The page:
Another potential mechanism by which SE training has been hypothesized to improve performance is via enhanced recruitment of type II (fast twitch) muscle fibers, which induces greater physiological adaptations in these fibers than training at a normal cadence. It is difficult to envision how this might occur, however, since even in endurance athletes not performing SE training type II fibers are sufficiently recruited and hence trained to cause essentially complete replacement of type IIb (IIx) fibers by type IIa and to result in a mitochondrial respiratory capacity nearly equal to that of the same athlete’s type I fibers (e.g., Ref. 4). Moreover, the basic premise that SE training results in markedly greater utilization of type II fibers may not be correct, as discussed below.

            Again consider the QA plot of the two SE training sessions that I performed. As illustrated in this figure, when pedaling at 250-300 W at 45 rpm my AEPF and CPV clearly fell into quadrant II, i.e., relatively low velocity and relatively high force pedaling. Since the AEPF was greater than that resulting from pedaling at functional threshold power and self-selected cadence, this would imply that significant recruitment of type II motor units must have occurred. As previously discussed, however, my AEPF during the SE workouts was still well below my velocity-specific maxima (shown by the black line), which presumably reflects maximal recruitment of all motor units, i.e., both type I and type II. Thus, based on this observation alone it is clear that either a significant percentage of my type II muscle fibers were not recruited by SE training, and/or they were not recruited as frequently as is possible, at least during brief, maximal efforts. In other words, while the AEPF associated with pedaling at functional threshold power and self-selected cadence represents the approximate threshold force at which significant type II fiber recruitment appears to begin, as indicated in the original description of QA the exact force varies in a velocity-specific manner, i.e., is higher at lower CPV and is lower at higher CPV. Or, to state it another way: the AEPF threshold for type II motor unit recruitment is better represented by the blue-to-red background shading of the figure, with greatest utilization of such motor units expected to occur when points fall into the purple region. (Again, as described in the original article the separation of quadrants I/II from III/IV using a strictly horizontal line is really just a matter of convenience, since no “anchor point” other than functional threshold power/self selected cadence is usually available.) Viewed from this perspective, it is now much less clear that SE training results in significantly greater utilization of type II muscle fibers, since the light blue triangles and purple circles representing these two workouts actually fall well into the blue region. In fact, it can be argued that if SE training resulted in markedly greater reliance on type II fibers that it would not be possible to maintain the required AEPF, and hence power, for the required duration, since type II fibers are more dependent than type I fibers upon glycogenolysis for ATP production and hence tend to be more fatigable. Consistent with this interpretation, Alquist et al. (5) found that the fiber type recruitment pattern was markedly similar when subjects pedaled for 30 min at 85% of VO2max and either 50 or 100 rpm.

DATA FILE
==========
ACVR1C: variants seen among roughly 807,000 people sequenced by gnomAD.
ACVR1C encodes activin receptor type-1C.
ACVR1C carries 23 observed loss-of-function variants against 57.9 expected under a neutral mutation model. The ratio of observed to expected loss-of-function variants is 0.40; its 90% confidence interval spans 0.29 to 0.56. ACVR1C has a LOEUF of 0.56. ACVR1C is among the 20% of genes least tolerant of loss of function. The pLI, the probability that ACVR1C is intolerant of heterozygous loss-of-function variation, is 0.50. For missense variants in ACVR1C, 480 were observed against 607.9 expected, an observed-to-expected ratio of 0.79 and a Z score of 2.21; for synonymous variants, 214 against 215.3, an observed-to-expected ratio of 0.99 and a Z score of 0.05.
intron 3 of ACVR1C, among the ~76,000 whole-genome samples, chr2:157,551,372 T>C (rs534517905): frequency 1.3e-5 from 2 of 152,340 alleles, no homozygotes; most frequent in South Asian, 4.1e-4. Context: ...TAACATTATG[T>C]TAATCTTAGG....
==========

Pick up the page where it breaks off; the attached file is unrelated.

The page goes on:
Alternatives to SE training